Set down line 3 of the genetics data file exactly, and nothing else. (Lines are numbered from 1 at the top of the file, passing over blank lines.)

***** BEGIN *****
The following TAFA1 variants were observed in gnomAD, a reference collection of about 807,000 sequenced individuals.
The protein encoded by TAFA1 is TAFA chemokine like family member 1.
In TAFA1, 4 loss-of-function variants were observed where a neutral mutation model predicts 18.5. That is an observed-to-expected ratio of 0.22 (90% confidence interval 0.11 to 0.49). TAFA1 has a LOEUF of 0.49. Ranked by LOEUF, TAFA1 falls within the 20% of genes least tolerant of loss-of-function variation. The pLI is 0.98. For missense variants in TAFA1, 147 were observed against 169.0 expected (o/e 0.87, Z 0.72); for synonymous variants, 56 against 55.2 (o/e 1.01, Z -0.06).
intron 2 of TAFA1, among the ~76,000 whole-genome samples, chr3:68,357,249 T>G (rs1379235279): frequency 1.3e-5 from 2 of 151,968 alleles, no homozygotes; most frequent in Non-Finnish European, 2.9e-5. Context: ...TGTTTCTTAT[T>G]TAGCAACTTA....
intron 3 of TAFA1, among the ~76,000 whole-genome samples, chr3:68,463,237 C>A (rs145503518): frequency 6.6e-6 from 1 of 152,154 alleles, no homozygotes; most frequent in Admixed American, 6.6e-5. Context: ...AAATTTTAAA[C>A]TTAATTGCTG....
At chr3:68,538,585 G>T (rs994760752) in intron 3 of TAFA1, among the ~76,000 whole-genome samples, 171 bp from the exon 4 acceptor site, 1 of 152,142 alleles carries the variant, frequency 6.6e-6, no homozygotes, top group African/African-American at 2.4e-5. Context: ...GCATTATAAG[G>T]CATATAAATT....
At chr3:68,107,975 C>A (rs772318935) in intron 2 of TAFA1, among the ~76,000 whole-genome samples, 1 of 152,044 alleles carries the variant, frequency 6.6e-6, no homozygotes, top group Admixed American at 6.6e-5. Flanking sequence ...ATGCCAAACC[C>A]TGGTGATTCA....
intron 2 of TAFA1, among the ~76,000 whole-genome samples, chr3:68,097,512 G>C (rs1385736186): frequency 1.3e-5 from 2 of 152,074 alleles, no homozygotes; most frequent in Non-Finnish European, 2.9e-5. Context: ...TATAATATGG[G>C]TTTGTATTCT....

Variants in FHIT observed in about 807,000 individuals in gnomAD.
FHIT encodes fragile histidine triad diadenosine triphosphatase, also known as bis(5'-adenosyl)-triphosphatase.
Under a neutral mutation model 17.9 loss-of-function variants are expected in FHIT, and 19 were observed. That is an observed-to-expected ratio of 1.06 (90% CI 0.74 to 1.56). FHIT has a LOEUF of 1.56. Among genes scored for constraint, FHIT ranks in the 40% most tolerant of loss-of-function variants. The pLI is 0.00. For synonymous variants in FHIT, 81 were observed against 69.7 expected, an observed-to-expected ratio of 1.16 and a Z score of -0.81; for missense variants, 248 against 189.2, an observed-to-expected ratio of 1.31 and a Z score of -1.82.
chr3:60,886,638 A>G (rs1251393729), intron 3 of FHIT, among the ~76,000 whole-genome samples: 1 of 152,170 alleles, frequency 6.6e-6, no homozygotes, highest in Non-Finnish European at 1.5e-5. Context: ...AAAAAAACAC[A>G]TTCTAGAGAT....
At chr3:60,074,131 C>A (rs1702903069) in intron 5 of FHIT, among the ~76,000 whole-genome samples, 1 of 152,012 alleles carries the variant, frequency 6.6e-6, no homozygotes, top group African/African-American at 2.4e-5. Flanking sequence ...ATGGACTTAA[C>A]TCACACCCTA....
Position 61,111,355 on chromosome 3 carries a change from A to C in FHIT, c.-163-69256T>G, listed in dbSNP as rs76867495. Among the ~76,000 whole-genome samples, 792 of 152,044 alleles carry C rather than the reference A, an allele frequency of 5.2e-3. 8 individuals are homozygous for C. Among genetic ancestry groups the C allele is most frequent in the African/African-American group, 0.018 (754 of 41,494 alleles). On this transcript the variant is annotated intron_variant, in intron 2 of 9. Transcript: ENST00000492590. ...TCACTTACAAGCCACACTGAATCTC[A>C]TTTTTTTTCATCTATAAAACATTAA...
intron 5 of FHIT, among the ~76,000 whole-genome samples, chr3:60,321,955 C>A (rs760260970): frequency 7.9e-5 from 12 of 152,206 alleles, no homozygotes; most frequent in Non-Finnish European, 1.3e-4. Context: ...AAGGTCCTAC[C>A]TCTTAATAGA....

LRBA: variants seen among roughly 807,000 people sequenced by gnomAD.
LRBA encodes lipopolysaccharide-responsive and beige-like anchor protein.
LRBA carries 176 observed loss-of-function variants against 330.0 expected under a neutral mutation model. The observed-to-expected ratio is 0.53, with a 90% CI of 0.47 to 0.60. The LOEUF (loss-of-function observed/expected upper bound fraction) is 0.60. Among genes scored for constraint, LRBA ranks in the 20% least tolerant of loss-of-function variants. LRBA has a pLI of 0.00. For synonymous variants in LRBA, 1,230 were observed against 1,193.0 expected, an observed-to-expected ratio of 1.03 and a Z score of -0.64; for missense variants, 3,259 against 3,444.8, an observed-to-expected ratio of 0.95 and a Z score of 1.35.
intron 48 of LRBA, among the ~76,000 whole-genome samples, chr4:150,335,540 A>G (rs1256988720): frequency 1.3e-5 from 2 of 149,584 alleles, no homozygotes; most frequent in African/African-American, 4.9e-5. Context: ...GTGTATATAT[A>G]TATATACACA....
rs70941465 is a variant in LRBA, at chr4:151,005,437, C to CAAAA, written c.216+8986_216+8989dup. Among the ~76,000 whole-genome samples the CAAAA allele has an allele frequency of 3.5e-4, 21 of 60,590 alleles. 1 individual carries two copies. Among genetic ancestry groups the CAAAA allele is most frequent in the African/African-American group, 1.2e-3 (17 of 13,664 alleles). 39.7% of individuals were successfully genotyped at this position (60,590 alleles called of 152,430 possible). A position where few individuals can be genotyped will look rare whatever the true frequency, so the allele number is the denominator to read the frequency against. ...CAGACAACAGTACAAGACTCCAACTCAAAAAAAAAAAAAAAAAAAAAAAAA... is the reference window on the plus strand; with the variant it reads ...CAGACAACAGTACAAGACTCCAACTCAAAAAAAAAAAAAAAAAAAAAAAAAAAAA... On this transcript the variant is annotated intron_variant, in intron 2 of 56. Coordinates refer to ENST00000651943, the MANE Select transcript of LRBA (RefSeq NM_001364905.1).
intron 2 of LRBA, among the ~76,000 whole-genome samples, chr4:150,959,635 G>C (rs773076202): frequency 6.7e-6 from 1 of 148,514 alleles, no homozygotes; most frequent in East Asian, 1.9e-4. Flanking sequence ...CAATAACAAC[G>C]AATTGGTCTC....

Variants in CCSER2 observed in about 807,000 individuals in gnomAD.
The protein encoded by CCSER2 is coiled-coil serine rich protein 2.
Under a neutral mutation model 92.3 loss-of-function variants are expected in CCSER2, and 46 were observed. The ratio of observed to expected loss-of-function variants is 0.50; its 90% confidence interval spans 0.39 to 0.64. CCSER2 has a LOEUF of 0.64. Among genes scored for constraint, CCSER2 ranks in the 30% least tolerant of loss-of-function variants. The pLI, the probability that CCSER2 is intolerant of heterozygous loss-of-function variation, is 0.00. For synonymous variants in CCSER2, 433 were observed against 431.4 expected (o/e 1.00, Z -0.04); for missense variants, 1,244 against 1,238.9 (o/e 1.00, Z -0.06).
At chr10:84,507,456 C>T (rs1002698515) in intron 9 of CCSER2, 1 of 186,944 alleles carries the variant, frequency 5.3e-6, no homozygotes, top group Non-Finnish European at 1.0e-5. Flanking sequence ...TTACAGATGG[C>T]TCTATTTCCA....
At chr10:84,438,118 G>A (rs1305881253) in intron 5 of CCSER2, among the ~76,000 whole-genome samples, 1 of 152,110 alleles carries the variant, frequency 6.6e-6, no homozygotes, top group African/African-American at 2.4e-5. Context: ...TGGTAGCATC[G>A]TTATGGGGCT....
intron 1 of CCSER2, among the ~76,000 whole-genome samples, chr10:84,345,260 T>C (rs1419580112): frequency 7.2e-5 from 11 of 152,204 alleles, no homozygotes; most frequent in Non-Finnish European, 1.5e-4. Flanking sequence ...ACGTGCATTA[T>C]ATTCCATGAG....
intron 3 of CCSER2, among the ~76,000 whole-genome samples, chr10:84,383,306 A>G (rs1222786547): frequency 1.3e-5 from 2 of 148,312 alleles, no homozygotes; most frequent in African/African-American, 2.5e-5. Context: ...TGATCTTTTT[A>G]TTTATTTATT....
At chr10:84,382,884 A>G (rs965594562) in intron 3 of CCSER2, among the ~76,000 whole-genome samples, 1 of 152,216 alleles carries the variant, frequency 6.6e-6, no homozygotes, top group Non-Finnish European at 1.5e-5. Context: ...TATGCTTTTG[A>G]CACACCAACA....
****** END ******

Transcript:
In TAFA1, 4 loss-of-function variants were observed where a neutral mutation model predicts 18.5. That is an observed-to-expected ratio of 0.22 (90% confidence interval 0.11 to 0.49). TAFA1 has a LOEUF of 0.49. Ranked by LOEUF, TAFA1 falls within the 20% of genes least tolerant of loss-of-function variation. The pLI is 0.98. For missense variants in TAFA1, 147 were observed against 169.0 expected (o/e 0.87, Z 0.72); for synonymous variants, 56 against 55.2 (o/e 1.01, Z -0.06).